Orders for durable goods slumped in January, pulled down by big drops in defense spending and aircraft orders, but there are encouraging signs that business spending is starting to pick up amid the sluggish economic recovery.
Overall, durable goods orders dropped 5.2 percent in January, slightly more than forecast. The January decline ended a streak of four straight months that the indicator of manufacturing activity had risen, according to data issued Wednesday by the Commerce Department.
Economists said the sizable decrease was driven by a precipitous fall in defense spending and a significant fall off in orders for planes, two notoriously volatile parts of the durable goods report. After rising 107 percent between November and December, orders for defense capital goods were down 69.5 percent between December and January – and the sharp drop pulled down the overall durable goods number, obscuring some bright spots in the data.
“It’s a big drop, but when you strip away some of the volatile components it’s not nearly such a weak report,” said Tim Quinlan, an economist with Wells Fargo.
Without the defense and airline cuts, orders for core durable goods were up 1.9 percent in January, the largest increase of its kind in more than two years. And by that measure, durable good orders were up for the fifth straight month. Quinlan said the streak is noteworthy, but pointed out that durable good orders were down for four out of five months between May and August of last year. He said the increases in recent months were, in part, a result of the bar having been set low by previous declines.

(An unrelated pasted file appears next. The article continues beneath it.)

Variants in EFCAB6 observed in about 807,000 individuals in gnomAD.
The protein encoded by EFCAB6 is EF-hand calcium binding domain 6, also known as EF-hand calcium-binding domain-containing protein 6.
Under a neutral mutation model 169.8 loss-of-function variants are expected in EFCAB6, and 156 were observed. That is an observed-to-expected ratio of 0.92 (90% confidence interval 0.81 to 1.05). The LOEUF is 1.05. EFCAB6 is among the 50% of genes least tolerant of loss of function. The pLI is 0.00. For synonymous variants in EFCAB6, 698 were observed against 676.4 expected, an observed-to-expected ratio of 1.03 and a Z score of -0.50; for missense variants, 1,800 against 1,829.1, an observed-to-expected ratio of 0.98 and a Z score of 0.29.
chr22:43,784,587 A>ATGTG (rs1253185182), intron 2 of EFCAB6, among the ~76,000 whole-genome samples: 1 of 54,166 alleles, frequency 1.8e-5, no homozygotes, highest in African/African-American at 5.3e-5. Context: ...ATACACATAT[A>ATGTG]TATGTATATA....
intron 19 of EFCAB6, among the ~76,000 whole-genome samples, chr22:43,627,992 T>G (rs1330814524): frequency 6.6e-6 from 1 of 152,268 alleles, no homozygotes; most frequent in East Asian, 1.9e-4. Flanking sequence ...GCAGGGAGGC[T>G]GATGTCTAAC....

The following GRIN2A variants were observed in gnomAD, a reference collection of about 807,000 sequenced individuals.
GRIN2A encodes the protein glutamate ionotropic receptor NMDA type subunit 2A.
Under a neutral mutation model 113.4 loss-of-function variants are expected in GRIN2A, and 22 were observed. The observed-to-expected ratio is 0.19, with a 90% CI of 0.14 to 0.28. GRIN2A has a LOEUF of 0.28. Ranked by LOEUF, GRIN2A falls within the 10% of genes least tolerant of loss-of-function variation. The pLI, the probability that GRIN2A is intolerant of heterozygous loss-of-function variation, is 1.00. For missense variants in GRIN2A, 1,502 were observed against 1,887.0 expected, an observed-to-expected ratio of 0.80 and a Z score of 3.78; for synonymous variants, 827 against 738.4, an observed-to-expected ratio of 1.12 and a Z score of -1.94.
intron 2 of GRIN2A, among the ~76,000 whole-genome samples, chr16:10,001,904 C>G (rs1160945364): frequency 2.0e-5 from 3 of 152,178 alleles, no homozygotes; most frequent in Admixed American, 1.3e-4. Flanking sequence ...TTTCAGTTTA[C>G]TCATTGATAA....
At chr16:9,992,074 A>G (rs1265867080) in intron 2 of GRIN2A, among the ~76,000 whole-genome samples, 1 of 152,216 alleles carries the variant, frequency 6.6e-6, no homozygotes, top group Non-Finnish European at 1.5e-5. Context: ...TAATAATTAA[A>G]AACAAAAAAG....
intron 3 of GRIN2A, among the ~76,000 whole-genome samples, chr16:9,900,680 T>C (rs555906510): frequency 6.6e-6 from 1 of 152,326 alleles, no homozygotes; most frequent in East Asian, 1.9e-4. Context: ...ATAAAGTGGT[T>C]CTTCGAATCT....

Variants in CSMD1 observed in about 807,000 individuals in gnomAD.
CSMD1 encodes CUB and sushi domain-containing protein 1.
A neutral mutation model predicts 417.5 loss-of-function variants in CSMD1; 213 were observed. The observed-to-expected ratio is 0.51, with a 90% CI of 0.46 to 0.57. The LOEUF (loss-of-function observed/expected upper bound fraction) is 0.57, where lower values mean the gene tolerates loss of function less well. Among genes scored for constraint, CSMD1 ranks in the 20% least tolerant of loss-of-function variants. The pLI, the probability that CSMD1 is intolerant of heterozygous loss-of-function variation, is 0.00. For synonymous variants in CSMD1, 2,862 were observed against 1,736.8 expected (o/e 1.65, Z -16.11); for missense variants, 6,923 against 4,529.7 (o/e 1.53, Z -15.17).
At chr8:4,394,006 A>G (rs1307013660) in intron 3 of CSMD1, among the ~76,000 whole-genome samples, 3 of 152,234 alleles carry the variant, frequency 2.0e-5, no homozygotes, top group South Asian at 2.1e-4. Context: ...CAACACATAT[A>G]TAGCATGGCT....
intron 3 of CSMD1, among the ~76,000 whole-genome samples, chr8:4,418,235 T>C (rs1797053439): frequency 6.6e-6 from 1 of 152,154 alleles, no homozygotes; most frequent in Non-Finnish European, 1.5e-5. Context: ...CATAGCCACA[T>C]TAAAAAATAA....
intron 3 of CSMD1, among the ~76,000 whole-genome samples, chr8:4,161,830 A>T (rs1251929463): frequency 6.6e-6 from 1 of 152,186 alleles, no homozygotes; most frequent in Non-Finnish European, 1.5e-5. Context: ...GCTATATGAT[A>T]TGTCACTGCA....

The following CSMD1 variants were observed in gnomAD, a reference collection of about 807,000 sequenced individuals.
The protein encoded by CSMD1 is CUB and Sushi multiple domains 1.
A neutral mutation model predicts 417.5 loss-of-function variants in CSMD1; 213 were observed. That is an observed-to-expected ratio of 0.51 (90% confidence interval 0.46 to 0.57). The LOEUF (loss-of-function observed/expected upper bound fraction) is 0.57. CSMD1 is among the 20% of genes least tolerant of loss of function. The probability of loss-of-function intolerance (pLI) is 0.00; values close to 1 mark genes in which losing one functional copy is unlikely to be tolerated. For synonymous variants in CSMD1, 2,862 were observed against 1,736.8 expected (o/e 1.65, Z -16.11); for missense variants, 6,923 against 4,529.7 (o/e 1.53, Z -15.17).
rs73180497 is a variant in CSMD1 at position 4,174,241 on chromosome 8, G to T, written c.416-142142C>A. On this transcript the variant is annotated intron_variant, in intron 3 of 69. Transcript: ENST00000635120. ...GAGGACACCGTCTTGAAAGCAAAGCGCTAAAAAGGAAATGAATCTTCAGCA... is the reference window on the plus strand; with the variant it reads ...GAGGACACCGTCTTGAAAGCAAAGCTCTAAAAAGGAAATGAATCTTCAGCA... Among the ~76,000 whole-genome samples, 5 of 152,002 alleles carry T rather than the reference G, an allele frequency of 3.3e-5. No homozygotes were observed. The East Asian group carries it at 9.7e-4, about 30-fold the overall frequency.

“I wouldn’t point to that and say all is well,” Quinlan said. “I don’t think that’s where we are right now. There was a lot of weakness in this (data) series as the year started.”
The durable goods report is considered a key gauge of manufacturing activity and measures purchases of big-ticket items that are expected to last at least three years, things like furniture, appliances, machinery and cars.
Like Quinlan, Thomas Simons, a money market economist at Jefferies and Company, said the durable goods report contained data that indicated businesses were starting to increase their spending. Orders for machinery climbed 13.5 percent in January and Simons said the improving housing market might be driving orders for construction equipment and home appliances. He pointed out that that durable goods orders rose 6.3 percent when defense and aircraft purchases were stripped away from the January data.
“I think it reflects pent up demand,” Simons said. “We think that’s going to accelerate as we get some more clarity on fiscal policy.”
When, or if, that clarity will come is another question. Simons and Quinlan both said the ongoing political wrangling in Congress over the forced spending cuts set to go into effect Friday was hurting the business climate, creating uncertainty that was preventing companies from making significant investments in equipment. They said a comprehensive fiscal deal would likely spur a rise in business spending. But Quinlan wasn’t holding his breath for sweeping action in Washington, D.C.
“I think we’re more likely to see the Easter bunny,” Quinlan said.